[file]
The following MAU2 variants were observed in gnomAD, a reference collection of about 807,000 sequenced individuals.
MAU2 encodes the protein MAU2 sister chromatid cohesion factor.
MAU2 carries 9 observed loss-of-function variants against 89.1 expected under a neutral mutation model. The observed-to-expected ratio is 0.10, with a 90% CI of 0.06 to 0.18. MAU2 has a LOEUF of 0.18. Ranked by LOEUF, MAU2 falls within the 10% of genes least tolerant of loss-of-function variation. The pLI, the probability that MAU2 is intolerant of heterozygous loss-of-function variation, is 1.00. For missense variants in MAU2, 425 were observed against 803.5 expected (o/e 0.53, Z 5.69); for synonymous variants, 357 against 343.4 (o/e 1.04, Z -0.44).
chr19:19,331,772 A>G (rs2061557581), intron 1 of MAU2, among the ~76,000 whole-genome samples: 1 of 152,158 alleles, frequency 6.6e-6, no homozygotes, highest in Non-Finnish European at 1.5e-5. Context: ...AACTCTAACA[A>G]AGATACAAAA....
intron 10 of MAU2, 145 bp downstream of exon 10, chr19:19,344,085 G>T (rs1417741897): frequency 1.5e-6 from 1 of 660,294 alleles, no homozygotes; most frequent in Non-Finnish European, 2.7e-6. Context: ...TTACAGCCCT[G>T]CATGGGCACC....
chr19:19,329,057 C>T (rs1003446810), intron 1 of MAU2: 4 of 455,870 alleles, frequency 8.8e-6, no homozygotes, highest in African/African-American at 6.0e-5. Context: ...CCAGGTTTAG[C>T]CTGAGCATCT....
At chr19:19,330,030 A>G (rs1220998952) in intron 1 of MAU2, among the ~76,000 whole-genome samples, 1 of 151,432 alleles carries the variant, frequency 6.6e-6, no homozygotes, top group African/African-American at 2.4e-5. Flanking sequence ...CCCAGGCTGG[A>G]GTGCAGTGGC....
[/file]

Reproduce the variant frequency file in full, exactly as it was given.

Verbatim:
The following MAU2 variants were observed in gnomAD, a reference collection of about 807,000 sequenced individuals.
MAU2 encodes the protein MAU2 sister chromatid cohesion factor.
MAU2 carries 9 observed loss-of-function variants against 89.1 expected under a neutral mutation model. The observed-to-expected ratio is 0.10, with a 90% CI of 0.06 to 0.18. MAU2 has a LOEUF of 0.18. Ranked by LOEUF, MAU2 falls within the 10% of genes least tolerant of loss-of-function variation. The pLI, the probability that MAU2 is intolerant of heterozygous loss-of-function variation, is 1.00. For missense variants in MAU2, 425 were observed against 803.5 expected (o/e 0.53, Z 5.69); for synonymous variants, 357 against 343.4 (o/e 1.04, Z -0.44).
chr19:19,331,772 A>G (rs2061557581), intron 1 of MAU2, among the ~76,000 whole-genome samples: 1 of 152,158 alleles, frequency 6.6e-6, no homozygotes, highest in Non-Finnish European at 1.5e-5. Context: ...AACTCTAACA[A>G]AGATACAAAA....
intron 10 of MAU2, 145 bp downstream of exon 10, chr19:19,344,085 G>T (rs1417741897): frequency 1.5e-6 from 1 of 660,294 alleles, no homozygotes; most frequent in Non-Finnish European, 2.7e-6. Context: ...TTACAGCCCT[G>T]CATGGGCACC....
chr19:19,329,057 C>T (rs1003446810), intron 1 of MAU2: 4 of 455,870 alleles, frequency 8.8e-6, no homozygotes, highest in African/African-American at 6.0e-5. Context: ...CCAGGTTTAG[C>T]CTGAGCATCT....
At chr19:19,330,030 A>G (rs1220998952) in intron 1 of MAU2, among the ~76,000 whole-genome samples, 1 of 151,432 alleles carries the variant, frequency 6.6e-6, no homozygotes, top group African/African-American at 2.4e-5. Flanking sequence ...CCCAGGCTGG[A>G]GTGCAGTGGC....